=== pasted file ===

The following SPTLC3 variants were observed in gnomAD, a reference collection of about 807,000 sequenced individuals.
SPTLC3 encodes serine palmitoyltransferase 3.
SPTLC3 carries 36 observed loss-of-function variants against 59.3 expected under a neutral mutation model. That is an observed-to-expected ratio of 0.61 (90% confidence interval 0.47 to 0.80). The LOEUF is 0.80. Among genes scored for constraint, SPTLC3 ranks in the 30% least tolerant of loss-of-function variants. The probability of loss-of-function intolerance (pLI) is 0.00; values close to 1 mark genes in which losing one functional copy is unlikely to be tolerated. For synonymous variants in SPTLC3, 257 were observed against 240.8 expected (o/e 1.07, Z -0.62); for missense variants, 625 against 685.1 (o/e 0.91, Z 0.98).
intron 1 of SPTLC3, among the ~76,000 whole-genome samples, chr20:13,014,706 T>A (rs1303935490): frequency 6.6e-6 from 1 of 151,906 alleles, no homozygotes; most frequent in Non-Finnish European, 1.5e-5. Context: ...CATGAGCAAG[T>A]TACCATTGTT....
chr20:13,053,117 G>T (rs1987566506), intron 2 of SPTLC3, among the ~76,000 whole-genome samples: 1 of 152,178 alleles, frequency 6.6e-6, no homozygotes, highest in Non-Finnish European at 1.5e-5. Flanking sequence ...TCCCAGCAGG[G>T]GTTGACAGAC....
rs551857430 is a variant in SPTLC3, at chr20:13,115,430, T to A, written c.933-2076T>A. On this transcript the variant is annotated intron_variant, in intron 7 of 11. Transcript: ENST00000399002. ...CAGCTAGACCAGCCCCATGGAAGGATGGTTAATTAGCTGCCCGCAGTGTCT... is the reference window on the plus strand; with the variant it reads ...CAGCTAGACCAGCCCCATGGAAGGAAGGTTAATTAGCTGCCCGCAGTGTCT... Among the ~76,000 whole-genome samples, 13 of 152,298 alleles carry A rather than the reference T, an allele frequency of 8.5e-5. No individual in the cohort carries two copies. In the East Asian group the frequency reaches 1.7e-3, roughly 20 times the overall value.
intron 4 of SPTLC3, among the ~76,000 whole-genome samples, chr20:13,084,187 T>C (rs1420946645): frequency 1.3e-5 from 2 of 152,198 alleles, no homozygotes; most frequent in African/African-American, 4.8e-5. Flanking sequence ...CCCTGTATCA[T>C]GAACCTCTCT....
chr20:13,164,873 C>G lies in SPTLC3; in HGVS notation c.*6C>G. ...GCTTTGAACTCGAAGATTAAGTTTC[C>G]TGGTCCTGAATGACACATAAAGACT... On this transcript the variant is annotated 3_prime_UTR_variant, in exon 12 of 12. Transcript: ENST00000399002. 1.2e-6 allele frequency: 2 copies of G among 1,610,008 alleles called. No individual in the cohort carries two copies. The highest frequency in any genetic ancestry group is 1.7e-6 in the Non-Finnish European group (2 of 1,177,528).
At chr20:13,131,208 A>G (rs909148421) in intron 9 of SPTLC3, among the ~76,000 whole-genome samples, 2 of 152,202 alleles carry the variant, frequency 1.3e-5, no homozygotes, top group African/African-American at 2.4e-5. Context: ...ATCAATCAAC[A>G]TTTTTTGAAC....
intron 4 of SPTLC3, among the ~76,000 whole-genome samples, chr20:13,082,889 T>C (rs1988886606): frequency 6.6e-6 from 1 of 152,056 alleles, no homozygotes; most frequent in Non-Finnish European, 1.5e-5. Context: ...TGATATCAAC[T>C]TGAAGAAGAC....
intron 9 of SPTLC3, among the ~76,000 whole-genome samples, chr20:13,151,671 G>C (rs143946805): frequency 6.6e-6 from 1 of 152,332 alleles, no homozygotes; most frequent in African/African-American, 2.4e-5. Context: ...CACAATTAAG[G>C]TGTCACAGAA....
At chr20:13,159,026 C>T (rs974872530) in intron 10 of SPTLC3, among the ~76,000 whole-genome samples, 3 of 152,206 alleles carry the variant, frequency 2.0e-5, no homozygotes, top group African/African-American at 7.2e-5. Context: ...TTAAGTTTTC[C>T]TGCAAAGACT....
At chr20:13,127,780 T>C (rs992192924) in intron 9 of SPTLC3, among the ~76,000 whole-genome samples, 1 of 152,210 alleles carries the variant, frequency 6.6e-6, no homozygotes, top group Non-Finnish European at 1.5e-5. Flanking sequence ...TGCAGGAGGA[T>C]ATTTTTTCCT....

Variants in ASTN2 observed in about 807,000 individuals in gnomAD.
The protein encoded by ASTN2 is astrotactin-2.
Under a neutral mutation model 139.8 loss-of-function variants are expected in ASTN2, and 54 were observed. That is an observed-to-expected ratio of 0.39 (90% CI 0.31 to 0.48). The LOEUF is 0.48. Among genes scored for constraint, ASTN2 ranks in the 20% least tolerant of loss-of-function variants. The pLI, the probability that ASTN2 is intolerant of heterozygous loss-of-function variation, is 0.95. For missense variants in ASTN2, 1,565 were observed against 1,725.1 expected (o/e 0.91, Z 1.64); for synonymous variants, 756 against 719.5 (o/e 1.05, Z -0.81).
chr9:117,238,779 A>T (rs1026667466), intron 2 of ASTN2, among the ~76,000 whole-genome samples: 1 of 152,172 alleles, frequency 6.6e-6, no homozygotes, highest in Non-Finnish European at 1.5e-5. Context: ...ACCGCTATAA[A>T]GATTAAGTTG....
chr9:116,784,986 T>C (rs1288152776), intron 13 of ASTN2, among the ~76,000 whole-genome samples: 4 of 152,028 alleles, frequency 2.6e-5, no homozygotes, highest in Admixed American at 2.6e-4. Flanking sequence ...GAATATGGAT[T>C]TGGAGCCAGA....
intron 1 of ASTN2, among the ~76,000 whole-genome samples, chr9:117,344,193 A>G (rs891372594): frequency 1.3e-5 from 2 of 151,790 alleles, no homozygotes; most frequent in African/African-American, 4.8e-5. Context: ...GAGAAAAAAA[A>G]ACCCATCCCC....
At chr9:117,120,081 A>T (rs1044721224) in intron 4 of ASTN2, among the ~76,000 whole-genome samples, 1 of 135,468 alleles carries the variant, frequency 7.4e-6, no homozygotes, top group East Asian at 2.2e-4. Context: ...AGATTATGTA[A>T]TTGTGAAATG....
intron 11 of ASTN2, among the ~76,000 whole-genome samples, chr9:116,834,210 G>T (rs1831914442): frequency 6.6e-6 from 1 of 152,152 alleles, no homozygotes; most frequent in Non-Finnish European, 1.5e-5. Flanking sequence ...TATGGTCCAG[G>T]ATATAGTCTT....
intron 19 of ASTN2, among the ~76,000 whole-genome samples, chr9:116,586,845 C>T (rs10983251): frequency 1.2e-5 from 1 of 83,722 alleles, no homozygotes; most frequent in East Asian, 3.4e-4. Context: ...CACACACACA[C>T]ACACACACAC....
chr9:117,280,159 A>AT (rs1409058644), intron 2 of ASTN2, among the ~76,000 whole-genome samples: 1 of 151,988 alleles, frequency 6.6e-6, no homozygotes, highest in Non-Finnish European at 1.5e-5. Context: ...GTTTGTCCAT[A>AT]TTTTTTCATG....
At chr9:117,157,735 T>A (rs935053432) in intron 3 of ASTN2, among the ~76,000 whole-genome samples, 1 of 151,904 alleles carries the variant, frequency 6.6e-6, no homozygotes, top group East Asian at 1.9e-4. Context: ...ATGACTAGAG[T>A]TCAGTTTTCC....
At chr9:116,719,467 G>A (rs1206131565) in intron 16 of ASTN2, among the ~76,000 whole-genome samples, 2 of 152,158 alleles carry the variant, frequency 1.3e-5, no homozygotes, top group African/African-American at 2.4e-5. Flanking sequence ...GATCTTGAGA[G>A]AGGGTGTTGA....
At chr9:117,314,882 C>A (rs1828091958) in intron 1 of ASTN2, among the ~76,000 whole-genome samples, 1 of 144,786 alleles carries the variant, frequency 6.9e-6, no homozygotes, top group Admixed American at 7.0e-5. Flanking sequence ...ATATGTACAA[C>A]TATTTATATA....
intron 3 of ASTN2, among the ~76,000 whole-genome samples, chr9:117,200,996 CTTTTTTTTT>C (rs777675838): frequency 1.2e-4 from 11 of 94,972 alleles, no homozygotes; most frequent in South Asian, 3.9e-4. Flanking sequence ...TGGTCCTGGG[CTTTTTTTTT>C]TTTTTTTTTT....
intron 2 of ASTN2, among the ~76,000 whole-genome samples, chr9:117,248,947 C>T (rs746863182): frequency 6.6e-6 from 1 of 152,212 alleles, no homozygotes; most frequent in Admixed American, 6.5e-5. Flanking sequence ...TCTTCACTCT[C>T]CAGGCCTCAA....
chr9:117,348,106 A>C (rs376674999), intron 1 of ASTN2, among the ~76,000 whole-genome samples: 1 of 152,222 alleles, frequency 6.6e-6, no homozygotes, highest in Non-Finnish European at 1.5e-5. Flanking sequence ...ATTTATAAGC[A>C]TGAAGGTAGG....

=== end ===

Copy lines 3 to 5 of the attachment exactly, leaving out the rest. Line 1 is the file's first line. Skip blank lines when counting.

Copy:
SPTLC3 carries 36 observed loss-of-function variants against 59.3 expected under a neutral mutation model. That is an observed-to-expected ratio of 0.61 (90% confidence interval 0.47 to 0.80). The LOEUF is 0.80. Among genes scored for constraint, SPTLC3 ranks in the 30% least tolerant of loss-of-function variants. The probability of loss-of-function intolerance (pLI) is 0.00; values close to 1 mark genes in which losing one functional copy is unlikely to be tolerated. For synonymous variants in SPTLC3, 257 were observed against 240.8 expected (o/e 1.07, Z -0.62); for missense variants, 625 against 685.1 (o/e 0.91, Z 0.98).
intron 1 of SPTLC3, among the ~76,000 whole-genome samples, chr20:13,014,706 T>A (rs1303935490): frequency 6.6e-6 from 1 of 151,906 alleles, no homozygotes; most frequent in Non-Finnish European, 1.5e-5. Context: ...CATGAGCAAG[T>A]TACCATTGTT....
chr20:13,053,117 G>T (rs1987566506), intron 2 of SPTLC3, among the ~76,000 whole-genome samples: 1 of 152,178 alleles, frequency 6.6e-6, no homozygotes, highest in Non-Finnish European at 1.5e-5. Flanking sequence ...TCCCAGCAGG[G>T]GTTGACAGAC....